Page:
and irresistible eloquence. Learning has nothing to do with it. Some of the most learned men become great bores as soon as they try to address an audience, whereas many a man with no knowledge of books has thrilled audiences with his compelling and passionate speech. Rhetoric has nothing to do with it. Men with a style as polished as that of Apollo have proved tedious and tiresome, while men with a style ragged and unkempt have charmed audiences unable to escape their power.
Grammar has nothing to do with it. A man may be faultless and dull, and a man may murder the Queen’s English and succeed. Dwight L. Moody was one of the greatest speakers this country has ever produced. He could carry ten thousand people with him through an hour, leaving them unconscious of the lapse of time, even though he tripped in his grammar every tenth sentence. What does an audience care for grammar when held in the grip of a man who knows how to talk? The first thing a speaker must do is to get attention, Jesus always got it. To get it he made use of various verbal devices. It is not easy to get attention, and it is harder still to hold it. Men are preoccupied. Their heads are filled with their own ideas and schemes, and only a strong man can compel them to listen.
The door is shut, and he who would enter must knock loud and long. Jesus knew how to knock. He used pictures. All men like pictures. We all have the child in us, and the child in us likes pictures. Jesus used pictures constantly in his preaching. The parables are so many stereopticon views of spiritual truth. The peasants of Palestine stood with open eyes looking at the verbal pictures which this genius from Nazareth painted. He used something stronger than pictures paradoxes. He said things which on the face of them were contradictory; leaving it for the audience to wrestle with his contradictions and find out if they could how they could be reconciled. “Do you want to be great, be little.” “Do you want to be chief, be least.” “Do you want to be first, be last.” “Do you want to rule, be a servant.” “Do you want to save your life, lose it.”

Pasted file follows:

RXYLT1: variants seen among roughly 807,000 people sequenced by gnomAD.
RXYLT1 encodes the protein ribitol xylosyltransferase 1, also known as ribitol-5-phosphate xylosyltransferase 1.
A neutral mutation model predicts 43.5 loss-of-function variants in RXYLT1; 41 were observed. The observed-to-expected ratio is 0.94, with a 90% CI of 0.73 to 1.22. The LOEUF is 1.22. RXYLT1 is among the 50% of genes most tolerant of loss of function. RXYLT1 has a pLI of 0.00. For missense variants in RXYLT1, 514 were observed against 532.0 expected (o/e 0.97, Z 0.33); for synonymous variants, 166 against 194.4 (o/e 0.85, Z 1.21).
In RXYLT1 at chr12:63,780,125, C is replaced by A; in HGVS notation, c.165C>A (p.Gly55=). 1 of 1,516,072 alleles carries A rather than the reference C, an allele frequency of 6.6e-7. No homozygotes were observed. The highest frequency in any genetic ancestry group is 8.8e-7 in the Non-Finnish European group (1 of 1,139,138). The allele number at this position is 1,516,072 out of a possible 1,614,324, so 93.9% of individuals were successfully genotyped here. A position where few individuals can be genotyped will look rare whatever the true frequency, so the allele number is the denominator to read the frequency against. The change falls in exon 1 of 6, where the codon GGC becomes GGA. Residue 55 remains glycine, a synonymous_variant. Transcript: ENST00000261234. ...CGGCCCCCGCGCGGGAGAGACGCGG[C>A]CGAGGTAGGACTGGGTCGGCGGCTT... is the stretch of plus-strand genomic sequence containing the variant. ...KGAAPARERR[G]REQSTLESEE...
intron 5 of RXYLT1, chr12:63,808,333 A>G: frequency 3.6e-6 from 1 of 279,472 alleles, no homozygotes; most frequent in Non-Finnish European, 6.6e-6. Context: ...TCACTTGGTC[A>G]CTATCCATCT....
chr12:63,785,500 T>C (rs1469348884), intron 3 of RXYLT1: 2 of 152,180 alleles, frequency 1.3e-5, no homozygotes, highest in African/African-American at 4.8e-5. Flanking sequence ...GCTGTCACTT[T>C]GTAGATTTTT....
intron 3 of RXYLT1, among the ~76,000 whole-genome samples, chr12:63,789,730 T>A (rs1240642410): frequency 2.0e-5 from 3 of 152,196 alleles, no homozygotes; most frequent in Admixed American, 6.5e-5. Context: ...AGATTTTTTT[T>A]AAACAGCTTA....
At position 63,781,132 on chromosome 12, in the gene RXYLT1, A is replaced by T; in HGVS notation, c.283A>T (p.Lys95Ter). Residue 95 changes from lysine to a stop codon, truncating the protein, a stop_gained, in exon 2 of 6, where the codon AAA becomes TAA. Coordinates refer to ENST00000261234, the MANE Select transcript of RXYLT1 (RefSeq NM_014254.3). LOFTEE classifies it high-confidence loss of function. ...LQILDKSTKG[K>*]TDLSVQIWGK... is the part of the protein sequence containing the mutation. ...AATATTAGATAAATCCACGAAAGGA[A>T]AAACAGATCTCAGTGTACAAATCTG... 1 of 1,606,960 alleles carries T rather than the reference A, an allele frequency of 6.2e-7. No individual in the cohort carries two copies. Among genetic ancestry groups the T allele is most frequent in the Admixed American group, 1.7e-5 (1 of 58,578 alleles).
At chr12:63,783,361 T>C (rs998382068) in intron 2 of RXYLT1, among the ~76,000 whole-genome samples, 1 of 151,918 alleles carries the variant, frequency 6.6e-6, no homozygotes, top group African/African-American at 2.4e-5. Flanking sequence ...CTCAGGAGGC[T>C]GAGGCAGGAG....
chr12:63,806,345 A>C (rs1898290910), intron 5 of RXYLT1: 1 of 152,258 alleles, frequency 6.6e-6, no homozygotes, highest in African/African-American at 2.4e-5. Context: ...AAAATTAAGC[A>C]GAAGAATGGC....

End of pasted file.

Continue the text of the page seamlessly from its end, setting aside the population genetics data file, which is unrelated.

These are a few illustrations of his paradoxical method. Men could not help listening. A paradox takes a man by both ears. He used something stronger still, hyperboles. “It is easier for a camel to go through the eye of a needle than for a rich man to enter into the kingdom of God.” And at the end of the sentence the audience groaned. “Impossible ! Impossible for anybody to be saved,” was the cry. Jesus said, “You are mistaken. I did not say that. With God all things are possible.” Again: “If you have faith and believe, you can say to this mountain, be ye removed and be cast into the sea, and it shall be done.” Such language as that was sure to arrest attention. We can almost see the faces of the men as they listened. They listened so intently they could not keep still. They murmured. Time and again when he spoke an ugly buzz ran through the audience. The ideas, like cold water on fire, hissed as they fell into the hot hearts of men. Now and then a man would begin talking to himself, “Who is he? How did he learn that? I know his sisters. Isn’t he a carpenter?’ And occasionally men in the audience would enter into a great controversy even while he spoke. One man would say, “He is a good man.” Another would say, “He is a bad man, he is deceiving the people.” That is the best of all proofs of attention: mental activity in the audience. Jesus spoke with such power that his words entered into the very blood and marrow of men.
A second principle. He dealt with but one truth at a time. He always spoke to create an impression. He knew that the human mind is not capable of taking in two ideas at once. He singled out one truth which he wished to stamp upon men’s hearts, and then drove that truth home with all the energy of his great nature. There was a theory once current among our theological wise men which had it been universally accepted would have wrecked the entire church. According to this theory Christianity is a system of truth, and the entire system must be presented in every sermon. Jesus is the Son of God. He is divine.